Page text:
- exploratory testing as a limited timebox
- exploratory testing as frame of all thinking
When exploratory testing is scoped as a way of extending existing test cases, the way of working does not look very exploratory. In places like this, you find yourself wondering why Tina is so successful with the same tests Toni is missing problems with. The secret is that one of them actively extends how they understand the test cases, refuses to follow exact instructions or only instructions. They learn and find new perspectives.
When exploratory testing is scoped as a limited time box, you find people feeling they can only be free on Friday afternoons. These are moments in project life that are structured separately, with different expectations of how things flow and where focus is. This is a great way of scoping exploratory testing into a process where the natural inclination is to believe we know where the tasks begin and end, and need explicit encouragement to see if what holds true.
When exploratory testing is the frame of all thinking, it encompasses all considerations about testing. We start with exploratory testing to identify something that needs documenting, and take time to document it — perhaps with automation that is the modern way of documenting as executable specifications.
Listen to Language
If you hear: “My boss asked me to test search so I searched something that was found and something that wasn’t and reported I was done” you may be witnessing very low quality exploratory testing. It relies on following high-level orders to an extent the tester can imagine based on their knowledge.
If you hear: “My colleague wrote me 50 cases of what to try out with search and I tried them and reported I was done” you may be witnessing testing that isn’t exploratory. There is no hint of learning, and owning responsibility of quality of the testing that happens.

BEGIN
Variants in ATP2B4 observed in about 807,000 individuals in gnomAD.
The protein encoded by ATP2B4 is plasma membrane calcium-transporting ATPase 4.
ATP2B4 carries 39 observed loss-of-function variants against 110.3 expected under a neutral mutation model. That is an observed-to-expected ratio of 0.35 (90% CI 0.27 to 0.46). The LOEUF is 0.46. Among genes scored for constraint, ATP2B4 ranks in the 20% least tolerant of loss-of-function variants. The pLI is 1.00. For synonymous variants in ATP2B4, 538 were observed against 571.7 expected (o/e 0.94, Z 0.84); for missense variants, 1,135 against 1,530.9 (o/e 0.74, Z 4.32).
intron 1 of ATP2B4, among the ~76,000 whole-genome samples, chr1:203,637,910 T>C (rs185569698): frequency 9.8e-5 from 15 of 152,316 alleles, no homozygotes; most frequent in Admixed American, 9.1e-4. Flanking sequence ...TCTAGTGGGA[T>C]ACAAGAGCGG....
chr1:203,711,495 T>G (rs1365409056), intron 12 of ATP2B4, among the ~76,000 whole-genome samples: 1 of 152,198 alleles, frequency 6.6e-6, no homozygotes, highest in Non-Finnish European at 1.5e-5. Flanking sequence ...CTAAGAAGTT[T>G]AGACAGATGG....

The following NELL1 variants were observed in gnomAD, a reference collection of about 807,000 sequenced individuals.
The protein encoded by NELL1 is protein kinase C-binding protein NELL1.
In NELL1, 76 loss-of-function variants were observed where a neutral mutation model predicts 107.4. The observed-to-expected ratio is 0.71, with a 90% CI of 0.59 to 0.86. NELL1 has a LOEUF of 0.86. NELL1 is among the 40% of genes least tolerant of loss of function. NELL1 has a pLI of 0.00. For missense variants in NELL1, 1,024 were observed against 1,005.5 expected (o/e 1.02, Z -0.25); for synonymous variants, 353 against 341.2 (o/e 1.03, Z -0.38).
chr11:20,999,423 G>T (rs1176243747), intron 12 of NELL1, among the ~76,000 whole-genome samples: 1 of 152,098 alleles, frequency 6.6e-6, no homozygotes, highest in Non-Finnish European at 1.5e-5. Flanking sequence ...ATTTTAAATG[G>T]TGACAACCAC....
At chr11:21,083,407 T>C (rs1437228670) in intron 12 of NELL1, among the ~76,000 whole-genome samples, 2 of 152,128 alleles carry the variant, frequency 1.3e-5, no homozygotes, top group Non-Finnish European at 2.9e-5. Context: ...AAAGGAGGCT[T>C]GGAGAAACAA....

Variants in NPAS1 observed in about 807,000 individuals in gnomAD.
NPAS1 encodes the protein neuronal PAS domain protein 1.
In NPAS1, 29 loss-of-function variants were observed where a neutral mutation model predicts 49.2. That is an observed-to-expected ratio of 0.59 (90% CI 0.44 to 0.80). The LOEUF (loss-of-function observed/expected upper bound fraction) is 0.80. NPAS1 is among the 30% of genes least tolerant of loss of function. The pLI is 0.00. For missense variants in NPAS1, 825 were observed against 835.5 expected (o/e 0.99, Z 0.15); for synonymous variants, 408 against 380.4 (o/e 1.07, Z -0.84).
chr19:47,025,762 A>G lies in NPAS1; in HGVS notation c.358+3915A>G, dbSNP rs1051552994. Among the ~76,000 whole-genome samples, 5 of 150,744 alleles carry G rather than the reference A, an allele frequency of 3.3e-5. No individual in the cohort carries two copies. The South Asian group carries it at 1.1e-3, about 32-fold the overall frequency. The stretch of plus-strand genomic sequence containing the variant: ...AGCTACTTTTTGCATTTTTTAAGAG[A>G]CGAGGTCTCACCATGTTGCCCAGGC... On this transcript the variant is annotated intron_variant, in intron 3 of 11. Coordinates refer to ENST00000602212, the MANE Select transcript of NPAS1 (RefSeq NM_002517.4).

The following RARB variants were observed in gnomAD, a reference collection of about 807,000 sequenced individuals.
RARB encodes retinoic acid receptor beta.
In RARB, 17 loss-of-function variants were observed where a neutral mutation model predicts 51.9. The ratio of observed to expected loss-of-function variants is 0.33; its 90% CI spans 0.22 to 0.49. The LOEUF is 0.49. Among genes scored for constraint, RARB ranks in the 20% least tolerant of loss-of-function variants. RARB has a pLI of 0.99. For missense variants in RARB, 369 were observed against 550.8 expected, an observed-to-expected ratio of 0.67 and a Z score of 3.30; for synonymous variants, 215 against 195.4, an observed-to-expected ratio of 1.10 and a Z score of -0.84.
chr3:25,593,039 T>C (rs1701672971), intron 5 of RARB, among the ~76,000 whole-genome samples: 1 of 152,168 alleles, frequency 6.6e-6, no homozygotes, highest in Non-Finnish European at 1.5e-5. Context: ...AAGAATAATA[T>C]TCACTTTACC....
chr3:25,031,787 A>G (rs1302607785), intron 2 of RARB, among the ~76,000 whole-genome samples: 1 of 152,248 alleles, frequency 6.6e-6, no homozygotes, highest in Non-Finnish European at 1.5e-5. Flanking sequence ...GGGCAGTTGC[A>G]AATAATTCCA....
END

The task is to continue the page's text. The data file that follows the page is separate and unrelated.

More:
If you hear: “My boss asked me to test search so I came back with 50 quick ideas of what could be relevant and we figured out I’d just do 10 of them before we decided if going further was worthwhile“, you are likely to be witnessing exploratory testing.
Similarly, in the automation first space, if you hear: “I got a Jira ticket saying I should automate this. I did, and found some problems while at it, and extended existing automation because of the stuff I learned.”, you may be seeing someone who is exploratory testing.
If you hear: “The Jira ticket said to automate A, B, and C, and I automated A and B, C could not be automated.”, you may be witnessing testing that isn’t exploratory.
Look at who is in the center: is the tester doing the work and learning actively applying a better way of doing the overall testing? If yes, that is exploratory testing.
As skilled approach, it is only as good as the skill of the person applying it. With focus on learning through, skill may be a problem of today, but improved upon every day as exploratory testing is being done. If you find yourself not learning, you most likely are not exploring. With the product as your external imagination, you should find yourself imagining new routes through the functionalities, new users with new perspectives, and relevant information your project teams would be happy to make justified decisions on their take for the risk. With and without automation, in a good balance.